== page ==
As the kids head back to school, the task of putting together tasty, balanced packed lunches also returns.
The morning scramble to get everyone ready can make pack ups challenging enough, but what do you do when you need to account for food intolerances too? Read on for some of our top tips.
Getting away from gluten
Sandwiches are a staple of the packed lunch so, if you’re going gluten free, it can feel a little daunting knowing which quick and easy alternatives to replace them with. Fortunately, you can do a straight swap, thanks to the huge variety of Free From breads and wraps. You also switch to gluten free pasta for pasta salads that can be made in bulk, in advance.
Want to get rid of gluten completely? Try making wraps with cold cuts of ham or turkey or replace pasta with rice salads.
Doing without dairy
Dairy snacks are another lunchtime favourite. From yoghurts to mini cheeses, most lunchboxes will contain some kind of milk-based treat.
If you’re looking for good alternatives to replace cows’ milk, there are a range of dairy-free substitutes available on the market. Oat, nut and coconut milks and yoghurts are easy to get hold of and come in a variety of delicious flavours.
Snackable cheeses made from nuts are also available in most supermarkets and made a handy, grab and go alternative.
Hard boiled eggs are a quick and cheap source of protein but if eggs are a problem, there are other ways to pack a protein punch in your lunch.
Cooked meats and tuna provide a great source of protein, as does cottage cheese, hummus and edamame beans.
Is something else in their lunchbox causing problems?
While the foods listed above are some of the more common triggers, it’s actually the case that people with a food intolerance will react to between 4 and 6 foods, and often they are ingredients you would never suspect.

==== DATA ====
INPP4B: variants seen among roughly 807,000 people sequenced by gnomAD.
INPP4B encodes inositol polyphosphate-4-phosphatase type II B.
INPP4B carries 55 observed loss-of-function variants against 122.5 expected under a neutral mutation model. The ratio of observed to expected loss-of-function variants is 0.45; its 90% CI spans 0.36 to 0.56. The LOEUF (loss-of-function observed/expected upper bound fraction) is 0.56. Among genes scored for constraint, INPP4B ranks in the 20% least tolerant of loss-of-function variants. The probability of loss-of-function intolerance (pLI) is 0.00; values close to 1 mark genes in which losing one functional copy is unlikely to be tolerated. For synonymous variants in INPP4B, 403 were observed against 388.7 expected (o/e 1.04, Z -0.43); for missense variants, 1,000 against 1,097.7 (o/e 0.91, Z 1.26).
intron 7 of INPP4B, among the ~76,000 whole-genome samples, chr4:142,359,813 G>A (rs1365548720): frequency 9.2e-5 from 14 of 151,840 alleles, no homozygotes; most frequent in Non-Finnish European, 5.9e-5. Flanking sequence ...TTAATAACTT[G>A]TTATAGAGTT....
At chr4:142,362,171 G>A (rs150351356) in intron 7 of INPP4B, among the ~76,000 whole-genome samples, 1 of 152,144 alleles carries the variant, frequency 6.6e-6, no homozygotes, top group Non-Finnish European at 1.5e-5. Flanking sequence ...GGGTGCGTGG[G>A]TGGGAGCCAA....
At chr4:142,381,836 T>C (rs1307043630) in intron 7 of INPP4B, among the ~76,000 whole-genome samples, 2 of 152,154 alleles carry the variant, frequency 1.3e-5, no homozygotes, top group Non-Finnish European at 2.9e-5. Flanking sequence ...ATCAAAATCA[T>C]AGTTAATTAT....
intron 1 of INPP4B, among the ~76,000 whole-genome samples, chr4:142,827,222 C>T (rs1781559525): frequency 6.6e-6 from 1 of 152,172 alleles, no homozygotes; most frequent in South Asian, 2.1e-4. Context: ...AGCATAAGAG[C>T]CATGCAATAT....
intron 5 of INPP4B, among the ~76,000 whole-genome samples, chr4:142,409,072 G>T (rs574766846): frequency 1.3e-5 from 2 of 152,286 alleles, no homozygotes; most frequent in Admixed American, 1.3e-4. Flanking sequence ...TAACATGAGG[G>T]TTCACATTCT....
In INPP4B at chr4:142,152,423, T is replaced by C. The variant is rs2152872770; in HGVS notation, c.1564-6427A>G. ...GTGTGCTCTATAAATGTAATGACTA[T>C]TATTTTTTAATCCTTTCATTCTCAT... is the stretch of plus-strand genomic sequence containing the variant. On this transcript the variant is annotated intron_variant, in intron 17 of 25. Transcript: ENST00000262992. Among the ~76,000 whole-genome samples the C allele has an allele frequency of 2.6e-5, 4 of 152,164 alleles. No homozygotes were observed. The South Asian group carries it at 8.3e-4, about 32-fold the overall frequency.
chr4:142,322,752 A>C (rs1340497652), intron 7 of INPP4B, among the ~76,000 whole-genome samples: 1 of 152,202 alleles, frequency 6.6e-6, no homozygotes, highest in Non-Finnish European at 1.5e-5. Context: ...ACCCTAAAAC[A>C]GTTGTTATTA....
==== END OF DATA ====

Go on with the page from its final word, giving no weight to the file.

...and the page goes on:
Anything from tuna to tomatoes can cause issues, it’s a case of understanding your own unique food intolerance profile.
What are the signs of a food intolerance?
Food intolerances can occur when your body’s immune system mistakes a food protein as a threat, releasing antibodies to fight it. This reaction can lead to a host of conditions related to inflammation.
Headaches, brain fog, IBS, bloating, low mood and joint pain are all reactions that can result from a food intolerance, as well as skin complaints such as eczema or acne.
Allergy or intolerance?
It’s particularly important to understand the different between allergy and intolerance when it comes to packed lunches, with more caution being applied to foods such as nuts, which can trigger severe allergy for some.
The terms ‘food intolerance’ and ‘food allergy’ are often used interchangeably. While they are commonly mistaken and misunderstood, the two reactions involved are very different.
True food allergies are relatively rare, affecting only around 2% of adults and 6-8% of children. Intolerances are far more common, with around 45% of the UK population thought to be living with a food intolerance.
Getting a handle on your diet
Getting to the bottom of a food intolerance can be frustrating. A common recommendation is the elimination diet, where you remove one food at a time for a few weeks to see how you feel. But this process can take a long time. And, although many of us commonly react to a few different ingredients, the elimination diet is often abandoned when the first trigger food is found, leaving an incomplete picture of what’s causing the problem.
Get answers faster with Smartblood
When it comes to food intolerance testing, it’s important to do your research and choose a reputable laboratory testing company.
At Smartblood, we offer a comprehensive test to help you take control of your diet quickly and discover your own trigger foods.
Our home-to-laboratory service gives you fast, accurate results that pinpoint exactly which foods you are reacting to. Tests are completed in our accredited laboratory by trained experts, with clear, easy to understand results sent to you via email within three days.